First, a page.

Eventually, the pod of orcas broke up into a few smaller groups. Our boat followed one of the groups towards the direction of Rausu.
Each boat followed a different group of orca.
Seeing one of the juvenile killer whales in the pod was very exciting.
In a few moments, the whales swam really close to our boat.
A few of them even swam under our boat.
From a close distance, we could truly appreciate the true scale of the orca’s dosal fin.
Some scientists can identify different orcas just by studying their distinctive dorsal fins.
For most of the time, our boat continued to follow a small group of orcas.
It was the first whale watching cruise that we ever experienced. We were grateful that the cruise turned out to be a fruitful one.
After about 1.5 hour chasing the whales, it was time for our boat to return to the dock.
The majestic Mount Rausu signified our arrival of the village of Rausu.
Most fishing boats were parked behind the sea wall at the dock.
It seemed that most fishermen were staying away from the sea for another day. Whale watching offered us the perfect finale to for our Shiretoko journey. We picked up our car at the dock, had another seafood lunch at Jun no Banya (純の番屋), and left Shiretoko altogether for our next destination: Mashu Lake.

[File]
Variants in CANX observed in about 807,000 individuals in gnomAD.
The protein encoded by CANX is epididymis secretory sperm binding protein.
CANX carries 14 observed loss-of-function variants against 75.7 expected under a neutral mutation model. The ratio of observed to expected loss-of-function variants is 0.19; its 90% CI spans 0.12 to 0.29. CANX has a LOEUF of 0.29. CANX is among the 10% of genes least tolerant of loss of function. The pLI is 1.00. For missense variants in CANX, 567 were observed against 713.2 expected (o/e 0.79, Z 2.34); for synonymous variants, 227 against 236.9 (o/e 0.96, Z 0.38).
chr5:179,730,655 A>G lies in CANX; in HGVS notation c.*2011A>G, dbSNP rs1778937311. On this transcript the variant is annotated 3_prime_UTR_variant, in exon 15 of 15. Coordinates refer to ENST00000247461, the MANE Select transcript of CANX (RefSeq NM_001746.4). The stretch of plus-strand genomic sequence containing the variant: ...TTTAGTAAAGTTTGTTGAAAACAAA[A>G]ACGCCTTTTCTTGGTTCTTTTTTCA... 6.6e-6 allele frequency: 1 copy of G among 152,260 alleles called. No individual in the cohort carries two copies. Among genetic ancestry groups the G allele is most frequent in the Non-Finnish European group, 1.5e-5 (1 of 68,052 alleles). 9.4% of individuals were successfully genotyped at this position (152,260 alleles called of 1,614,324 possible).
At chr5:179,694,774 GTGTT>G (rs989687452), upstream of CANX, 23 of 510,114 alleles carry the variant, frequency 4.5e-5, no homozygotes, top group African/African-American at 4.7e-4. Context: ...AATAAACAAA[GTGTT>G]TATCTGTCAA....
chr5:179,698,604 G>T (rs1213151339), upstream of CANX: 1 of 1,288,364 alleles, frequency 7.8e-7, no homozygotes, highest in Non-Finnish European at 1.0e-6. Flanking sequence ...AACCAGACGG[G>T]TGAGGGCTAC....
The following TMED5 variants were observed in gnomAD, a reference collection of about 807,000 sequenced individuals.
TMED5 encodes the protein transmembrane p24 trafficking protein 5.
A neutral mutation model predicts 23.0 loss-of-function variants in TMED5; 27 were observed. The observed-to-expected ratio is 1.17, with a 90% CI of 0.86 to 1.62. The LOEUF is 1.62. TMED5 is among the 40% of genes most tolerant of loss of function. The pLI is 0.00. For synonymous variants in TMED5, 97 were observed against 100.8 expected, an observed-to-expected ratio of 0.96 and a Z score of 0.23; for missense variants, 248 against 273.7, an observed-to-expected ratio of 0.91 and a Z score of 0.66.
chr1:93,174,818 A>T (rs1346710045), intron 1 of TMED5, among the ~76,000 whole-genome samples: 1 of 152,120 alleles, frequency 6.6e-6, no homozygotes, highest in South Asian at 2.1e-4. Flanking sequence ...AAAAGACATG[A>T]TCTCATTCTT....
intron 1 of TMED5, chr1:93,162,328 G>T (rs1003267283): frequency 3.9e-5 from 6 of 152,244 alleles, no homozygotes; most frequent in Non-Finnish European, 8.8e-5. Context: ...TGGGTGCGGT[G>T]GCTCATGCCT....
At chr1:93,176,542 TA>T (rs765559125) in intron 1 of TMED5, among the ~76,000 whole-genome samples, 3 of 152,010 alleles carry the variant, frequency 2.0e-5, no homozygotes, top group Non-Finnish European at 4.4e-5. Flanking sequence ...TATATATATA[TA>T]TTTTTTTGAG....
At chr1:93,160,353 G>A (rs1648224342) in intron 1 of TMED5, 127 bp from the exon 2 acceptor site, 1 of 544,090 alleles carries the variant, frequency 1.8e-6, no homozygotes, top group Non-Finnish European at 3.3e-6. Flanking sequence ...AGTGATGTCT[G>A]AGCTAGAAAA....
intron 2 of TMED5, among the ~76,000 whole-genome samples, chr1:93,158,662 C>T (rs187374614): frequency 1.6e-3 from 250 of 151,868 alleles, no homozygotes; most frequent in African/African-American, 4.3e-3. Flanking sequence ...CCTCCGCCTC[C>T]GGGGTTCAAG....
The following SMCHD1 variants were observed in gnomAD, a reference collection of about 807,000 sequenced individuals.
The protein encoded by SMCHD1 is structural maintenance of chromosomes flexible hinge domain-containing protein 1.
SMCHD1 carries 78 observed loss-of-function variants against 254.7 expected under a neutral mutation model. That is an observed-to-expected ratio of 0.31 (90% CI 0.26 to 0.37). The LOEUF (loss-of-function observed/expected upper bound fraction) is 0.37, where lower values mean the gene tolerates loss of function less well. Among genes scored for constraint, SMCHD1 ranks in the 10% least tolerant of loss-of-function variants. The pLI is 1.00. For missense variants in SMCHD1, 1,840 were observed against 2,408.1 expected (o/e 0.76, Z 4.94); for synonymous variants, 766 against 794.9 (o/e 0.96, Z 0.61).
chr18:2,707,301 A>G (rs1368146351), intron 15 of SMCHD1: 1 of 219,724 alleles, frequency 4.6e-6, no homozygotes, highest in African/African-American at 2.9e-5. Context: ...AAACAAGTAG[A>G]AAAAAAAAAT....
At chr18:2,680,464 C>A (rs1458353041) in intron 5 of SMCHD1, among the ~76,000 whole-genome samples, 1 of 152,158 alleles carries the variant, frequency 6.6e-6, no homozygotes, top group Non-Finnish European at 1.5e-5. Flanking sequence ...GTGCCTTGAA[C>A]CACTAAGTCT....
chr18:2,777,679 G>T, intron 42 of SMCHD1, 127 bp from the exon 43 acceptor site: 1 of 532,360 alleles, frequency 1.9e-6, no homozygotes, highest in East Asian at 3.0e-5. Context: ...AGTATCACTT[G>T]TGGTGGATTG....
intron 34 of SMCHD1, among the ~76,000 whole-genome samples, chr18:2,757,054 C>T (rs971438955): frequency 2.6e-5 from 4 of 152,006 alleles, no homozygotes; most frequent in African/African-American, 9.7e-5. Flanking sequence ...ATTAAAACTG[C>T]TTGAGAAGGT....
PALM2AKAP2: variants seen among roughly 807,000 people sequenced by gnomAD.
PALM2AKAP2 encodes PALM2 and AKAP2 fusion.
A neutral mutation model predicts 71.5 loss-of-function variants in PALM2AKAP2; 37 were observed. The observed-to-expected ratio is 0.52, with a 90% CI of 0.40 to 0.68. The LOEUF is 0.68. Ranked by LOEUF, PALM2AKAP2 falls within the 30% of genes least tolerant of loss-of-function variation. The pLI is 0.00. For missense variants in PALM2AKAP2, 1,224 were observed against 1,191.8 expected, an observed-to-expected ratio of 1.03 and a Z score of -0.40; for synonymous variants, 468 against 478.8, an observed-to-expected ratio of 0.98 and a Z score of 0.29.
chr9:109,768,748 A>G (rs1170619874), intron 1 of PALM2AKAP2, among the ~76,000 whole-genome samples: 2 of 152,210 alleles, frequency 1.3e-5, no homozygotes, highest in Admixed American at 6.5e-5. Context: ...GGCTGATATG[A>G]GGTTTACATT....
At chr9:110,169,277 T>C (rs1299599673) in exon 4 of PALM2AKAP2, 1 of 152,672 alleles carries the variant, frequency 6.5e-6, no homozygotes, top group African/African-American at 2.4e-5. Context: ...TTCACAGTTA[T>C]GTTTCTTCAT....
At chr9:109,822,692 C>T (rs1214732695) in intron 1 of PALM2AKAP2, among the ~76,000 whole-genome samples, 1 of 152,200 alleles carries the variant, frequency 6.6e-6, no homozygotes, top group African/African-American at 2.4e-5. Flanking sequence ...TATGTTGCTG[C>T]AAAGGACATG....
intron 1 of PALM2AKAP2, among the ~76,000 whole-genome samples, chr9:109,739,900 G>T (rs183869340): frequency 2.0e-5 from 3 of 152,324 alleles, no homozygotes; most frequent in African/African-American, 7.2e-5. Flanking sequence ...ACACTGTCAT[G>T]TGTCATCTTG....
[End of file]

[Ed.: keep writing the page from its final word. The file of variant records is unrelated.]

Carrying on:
RUSA FIELD HOUSE (ルサフィールドハウス), Rausu (羅臼), Shiretoko Peninsula (知床半島), Hokkaido (北海道), Japan, 2019.06.17
Day 3 (1/2).
We woke up to another stormy morning in Utoro. For the morning, we had seats reserved for a 3-hour Cape Shiretoko Boat Cruise to the eastern tip of Shiretoko Peninsula. Due to strong winds and heavy rain, not a single boat was allowed out in the sea that day. We had no choice but decided to leave Utoro earlier than planned, and crossed the Shiretoko Mountain Range to Rausu (羅臼) on the east coast of the peninsula. On our way, we passed by Shiretoko Pass, the highest point between Utoro and Rausu where we could see the full view of Mount Rausu if the sky was clear. Unfortunately, all we saw was rain, fog, fallen branches and flying leaves in the air. Beyond Shiretoko Pass, we gradually descended to Rausu, the remote fishing village which also served as the eastern entry point of the Shiretoko National Park. The rain began to cease as we approached Rausu. With extra time to spare in Rausu, we decided to check out Rusa Field House, the interpretation centre providing information on the famous residents of the Nemuro Strait: whales and dolphins.